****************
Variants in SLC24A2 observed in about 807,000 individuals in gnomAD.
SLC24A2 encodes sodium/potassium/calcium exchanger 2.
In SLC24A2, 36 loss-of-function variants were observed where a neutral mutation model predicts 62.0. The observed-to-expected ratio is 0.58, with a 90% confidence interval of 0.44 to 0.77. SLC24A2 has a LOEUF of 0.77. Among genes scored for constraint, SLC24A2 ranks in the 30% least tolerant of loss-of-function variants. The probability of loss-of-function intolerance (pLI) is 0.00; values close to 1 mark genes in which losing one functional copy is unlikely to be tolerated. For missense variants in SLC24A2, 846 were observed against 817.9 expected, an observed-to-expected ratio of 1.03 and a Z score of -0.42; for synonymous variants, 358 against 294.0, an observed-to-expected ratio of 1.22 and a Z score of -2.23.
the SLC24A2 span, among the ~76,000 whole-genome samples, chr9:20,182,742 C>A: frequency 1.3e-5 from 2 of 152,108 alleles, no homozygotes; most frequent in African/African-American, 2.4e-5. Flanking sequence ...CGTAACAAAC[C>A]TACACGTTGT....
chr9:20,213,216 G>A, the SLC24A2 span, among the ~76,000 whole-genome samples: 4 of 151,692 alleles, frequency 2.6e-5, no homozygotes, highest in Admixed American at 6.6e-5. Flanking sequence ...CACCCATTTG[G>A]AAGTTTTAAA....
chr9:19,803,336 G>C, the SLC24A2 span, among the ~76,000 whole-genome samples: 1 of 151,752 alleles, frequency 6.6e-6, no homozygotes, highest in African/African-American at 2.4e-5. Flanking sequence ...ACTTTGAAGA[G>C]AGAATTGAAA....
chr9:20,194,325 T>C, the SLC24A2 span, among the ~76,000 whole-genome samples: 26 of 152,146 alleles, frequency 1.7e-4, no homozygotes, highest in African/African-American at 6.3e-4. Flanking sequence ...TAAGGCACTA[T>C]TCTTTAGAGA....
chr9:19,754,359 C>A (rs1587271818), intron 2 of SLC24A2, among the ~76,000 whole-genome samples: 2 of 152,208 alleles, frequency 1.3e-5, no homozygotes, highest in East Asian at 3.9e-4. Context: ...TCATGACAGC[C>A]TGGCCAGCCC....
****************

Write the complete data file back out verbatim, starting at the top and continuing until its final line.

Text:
Variants in SLC24A2 observed in about 807,000 individuals in gnomAD.
SLC24A2 encodes sodium/potassium/calcium exchanger 2.
In SLC24A2, 36 loss-of-function variants were observed where a neutral mutation model predicts 62.0. The observed-to-expected ratio is 0.58, with a 90% confidence interval of 0.44 to 0.77. SLC24A2 has a LOEUF of 0.77. Among genes scored for constraint, SLC24A2 ranks in the 30% least tolerant of loss-of-function variants. The probability of loss-of-function intolerance (pLI) is 0.00; values close to 1 mark genes in which losing one functional copy is unlikely to be tolerated. For missense variants in SLC24A2, 846 were observed against 817.9 expected, an observed-to-expected ratio of 1.03 and a Z score of -0.42; for synonymous variants, 358 against 294.0, an observed-to-expected ratio of 1.22 and a Z score of -2.23.
the SLC24A2 span, among the ~76,000 whole-genome samples, chr9:20,182,742 C>A: frequency 1.3e-5 from 2 of 152,108 alleles, no homozygotes; most frequent in African/African-American, 2.4e-5. Flanking sequence ...CGTAACAAAC[C>A]TACACGTTGT....
chr9:20,213,216 G>A, the SLC24A2 span, among the ~76,000 whole-genome samples: 4 of 151,692 alleles, frequency 2.6e-5, no homozygotes, highest in Admixed American at 6.6e-5. Flanking sequence ...CACCCATTTG[G>A]AAGTTTTAAA....
chr9:19,803,336 G>C, the SLC24A2 span, among the ~76,000 whole-genome samples: 1 of 151,752 alleles, frequency 6.6e-6, no homozygotes, highest in African/African-American at 2.4e-5. Flanking sequence ...ACTTTGAAGA[G>C]AGAATTGAAA....
chr9:20,194,325 T>C, the SLC24A2 span, among the ~76,000 whole-genome samples: 26 of 152,146 alleles, frequency 1.7e-4, no homozygotes, highest in African/African-American at 6.3e-4. Flanking sequence ...TAAGGCACTA[T>C]TCTTTAGAGA....
chr9:19,754,359 C>A (rs1587271818), intron 2 of SLC24A2, among the ~76,000 whole-genome samples: 2 of 152,208 alleles, frequency 1.3e-5, no homozygotes, highest in East Asian at 3.9e-4. Context: ...TCATGACAGC[C>A]TGGCCAGCCC....